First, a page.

The Sussex Downs Murder by John Bude
Published by British Library Crime Classics/Poisoned Pen Press
27th April 2014
'Already it looked as if the police were up against a carefully planned and cleverly executed murder, and, what was more, a murder without a corpse!'
Two brothers, John and William Rother, live together at Chalklands Farm in the beautiful Sussex Downs. Their peaceful rural life is shattered when John Rother disappears and his abandoned car is found. Has he been kidnapped? Or is his disappearance more sinister - connected, perhaps, to his growing rather too friendly with his brother's wife?
Superintendent Meredith is called to investigate - and begins to suspect the worst when human bones are discovered on Chalklands farmland. His patient, careful detective method begins slowly to untangle the clues as suspicion shifts from one character to the next.
This classic detective novel from the 1930s is now republished for the first time, with an introduction by the award-winning crime writer Martin Edwards.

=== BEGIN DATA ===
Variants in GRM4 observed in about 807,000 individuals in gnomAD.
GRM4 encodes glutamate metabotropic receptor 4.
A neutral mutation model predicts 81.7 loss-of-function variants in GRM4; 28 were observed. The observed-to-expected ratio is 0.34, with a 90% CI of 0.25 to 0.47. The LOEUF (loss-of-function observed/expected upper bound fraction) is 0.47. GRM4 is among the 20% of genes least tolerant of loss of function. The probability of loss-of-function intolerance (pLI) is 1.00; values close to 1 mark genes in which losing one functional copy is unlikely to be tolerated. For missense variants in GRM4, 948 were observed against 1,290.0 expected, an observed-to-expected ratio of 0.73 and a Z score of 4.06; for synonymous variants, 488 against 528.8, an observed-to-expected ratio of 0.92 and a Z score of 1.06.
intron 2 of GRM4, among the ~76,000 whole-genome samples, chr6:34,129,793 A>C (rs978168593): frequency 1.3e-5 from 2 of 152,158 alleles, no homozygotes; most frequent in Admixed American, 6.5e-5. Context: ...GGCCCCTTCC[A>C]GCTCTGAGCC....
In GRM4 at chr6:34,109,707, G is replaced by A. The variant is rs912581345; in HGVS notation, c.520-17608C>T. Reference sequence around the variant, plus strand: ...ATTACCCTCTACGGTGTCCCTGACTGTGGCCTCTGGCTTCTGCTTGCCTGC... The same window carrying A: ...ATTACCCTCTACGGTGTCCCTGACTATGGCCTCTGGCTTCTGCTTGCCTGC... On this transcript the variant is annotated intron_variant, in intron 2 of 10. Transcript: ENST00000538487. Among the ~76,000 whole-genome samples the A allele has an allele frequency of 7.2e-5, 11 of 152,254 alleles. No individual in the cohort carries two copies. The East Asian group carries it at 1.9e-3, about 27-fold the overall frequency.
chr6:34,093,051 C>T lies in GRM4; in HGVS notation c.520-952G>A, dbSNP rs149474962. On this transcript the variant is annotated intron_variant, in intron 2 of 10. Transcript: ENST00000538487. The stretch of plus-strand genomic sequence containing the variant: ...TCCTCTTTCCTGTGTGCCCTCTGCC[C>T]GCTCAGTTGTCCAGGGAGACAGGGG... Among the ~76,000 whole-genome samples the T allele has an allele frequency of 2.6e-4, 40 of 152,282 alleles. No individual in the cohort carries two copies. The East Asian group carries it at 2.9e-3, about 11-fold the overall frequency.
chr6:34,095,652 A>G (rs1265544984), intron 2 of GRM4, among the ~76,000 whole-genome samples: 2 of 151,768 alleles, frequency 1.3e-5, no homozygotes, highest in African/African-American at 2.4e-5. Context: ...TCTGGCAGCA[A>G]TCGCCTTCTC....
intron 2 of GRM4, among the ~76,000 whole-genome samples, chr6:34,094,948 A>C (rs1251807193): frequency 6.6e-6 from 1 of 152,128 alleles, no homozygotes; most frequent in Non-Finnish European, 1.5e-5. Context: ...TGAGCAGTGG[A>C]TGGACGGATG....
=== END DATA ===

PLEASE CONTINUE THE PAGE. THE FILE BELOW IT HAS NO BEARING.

The British Library Crime Classics aim to reprint and publish those classic crime novels that have been lost through the passing of time. The Sussex Downs Murder by John Bude is a great example of this genre, similar to that of my all-time favourite Agatha Christie.
John Roper's car is found abandoned off a country lane on the Sussex Downs, and he is missing - but where can he be and why would he just disappear? His brother William is none the wiser, and Superintendent Meredith is brought in to investigate this mystery. As he digs deeper into John Roper's life, he is soon aware that his relationship with his sister-in-law seems to be rather too friendly, and it's not long before human bones are discovered in the area.
One clue leads to another and soon Superintendent Meredith and his team have a number of suspects, but still no body as such. What did happen to John Roper, and why? Superintendent Meredith is a great detective, he is wry and amusing and ultimately good at his job, but as with most fictional detectives, he does things in his own peculiar way. This is a perfect Sunday afternoon armchair read for lovers of classic crime fiction. I wasn't disappointed.